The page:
While the transition into the finance leader’s job was smooth, moving away from his European home required a considerable adjustment.

‘At first I was a little apprehensive about moving to Congo because of the civil war in the eastern region, but after spending time in Kinshasa and other areas in the west, I realised it was just like any other African country,’ he says. ‘This put me a lot more at ease and I was excited to take on the opportunity.’

Team player

Three years later, Adewuyi was on the move again, moving south to take on the job of CFO in Angola and completing an MBA in the same year. There, he won Maersk’s global finance ‘One Team’ award, presented to the team that delivered both outstanding financial results and team engagement.

During his Angolan tenure, Adewuyi would see team engagement grow from the lowest in the regional cluster (54%) to the highest (89%), while also achieving the best results worldwide.

‘By inspiring the team and giving them more responsibility, it basically switched the situation in Angola around,’ he explains. ‘For me, in any country I've worked in, my first focus is on the team. When you get the team fully engaged, the results start coming.’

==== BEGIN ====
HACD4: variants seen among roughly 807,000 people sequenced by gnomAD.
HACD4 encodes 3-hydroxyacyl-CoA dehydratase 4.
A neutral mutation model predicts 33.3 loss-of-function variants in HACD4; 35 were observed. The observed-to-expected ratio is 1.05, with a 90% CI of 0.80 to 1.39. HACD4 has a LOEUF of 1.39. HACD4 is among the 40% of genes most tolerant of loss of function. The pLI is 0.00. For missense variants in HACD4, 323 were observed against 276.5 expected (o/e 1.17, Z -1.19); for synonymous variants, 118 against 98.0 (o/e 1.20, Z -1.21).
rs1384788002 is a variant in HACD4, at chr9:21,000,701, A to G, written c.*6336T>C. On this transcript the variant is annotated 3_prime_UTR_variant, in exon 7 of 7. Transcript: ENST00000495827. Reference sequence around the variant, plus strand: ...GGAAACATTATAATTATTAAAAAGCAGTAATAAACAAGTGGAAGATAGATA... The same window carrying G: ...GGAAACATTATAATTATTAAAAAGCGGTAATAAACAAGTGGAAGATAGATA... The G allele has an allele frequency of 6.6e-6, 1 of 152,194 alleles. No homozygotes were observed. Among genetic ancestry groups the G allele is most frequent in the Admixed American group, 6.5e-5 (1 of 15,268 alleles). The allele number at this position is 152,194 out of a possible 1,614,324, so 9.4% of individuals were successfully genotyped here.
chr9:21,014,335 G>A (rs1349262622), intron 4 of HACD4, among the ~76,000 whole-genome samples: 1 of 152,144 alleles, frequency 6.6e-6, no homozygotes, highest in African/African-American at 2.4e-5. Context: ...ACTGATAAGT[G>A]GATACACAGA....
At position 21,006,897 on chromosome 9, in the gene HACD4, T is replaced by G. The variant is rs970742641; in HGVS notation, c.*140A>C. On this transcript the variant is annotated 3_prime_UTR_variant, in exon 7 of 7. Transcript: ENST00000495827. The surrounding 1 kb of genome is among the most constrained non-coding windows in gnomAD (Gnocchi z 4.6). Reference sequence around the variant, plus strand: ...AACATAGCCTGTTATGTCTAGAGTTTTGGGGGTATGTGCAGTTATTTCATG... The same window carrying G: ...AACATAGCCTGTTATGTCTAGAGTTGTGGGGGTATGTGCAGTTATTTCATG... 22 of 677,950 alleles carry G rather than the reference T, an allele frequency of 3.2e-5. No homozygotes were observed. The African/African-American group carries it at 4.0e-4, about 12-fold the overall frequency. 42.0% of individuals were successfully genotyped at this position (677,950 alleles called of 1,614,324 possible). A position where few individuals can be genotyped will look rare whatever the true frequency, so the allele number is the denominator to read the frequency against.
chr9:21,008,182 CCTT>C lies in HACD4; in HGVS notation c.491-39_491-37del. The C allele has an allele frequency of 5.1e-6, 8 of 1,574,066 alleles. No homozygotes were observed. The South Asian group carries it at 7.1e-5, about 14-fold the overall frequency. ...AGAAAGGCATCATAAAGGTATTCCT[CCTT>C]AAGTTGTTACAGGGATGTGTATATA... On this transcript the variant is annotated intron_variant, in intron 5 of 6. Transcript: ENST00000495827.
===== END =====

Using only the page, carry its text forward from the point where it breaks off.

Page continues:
Changing focus

Working across Central and Western Africa, Adewuyi has found that each country has a unique financial management issues, each move changing the focus of his role.

‘While every role involved the core responsibilities of the CFO, when I was in Congo, my duties were very heavy towards regulatory compliance – tax and legal and risk management,’ he says. ‘In Angola, it was all about treasury management, with cash and foreign exchange issues a priority.’

In his current role, which covers seven countries (Ivory Coast, Nigeria, Ghana, Benin, Togo, Burkina-Faso and Niger) and 15 different entities, ‘we’re focused on growth, working capital management and receivables, and investing in expanding our land warehouses’.

In the past year, for Adewuyi, as for many other CFOs, the global pandemic has necessitated he keep a closer eye on cash management.

‘It’s been an even more delicate balance than usual because of Covid-19,’ he explains. ‘Customers were taking longer to pay, or they didn't have enough cash to pay, while our vendors wanted us to pay on time.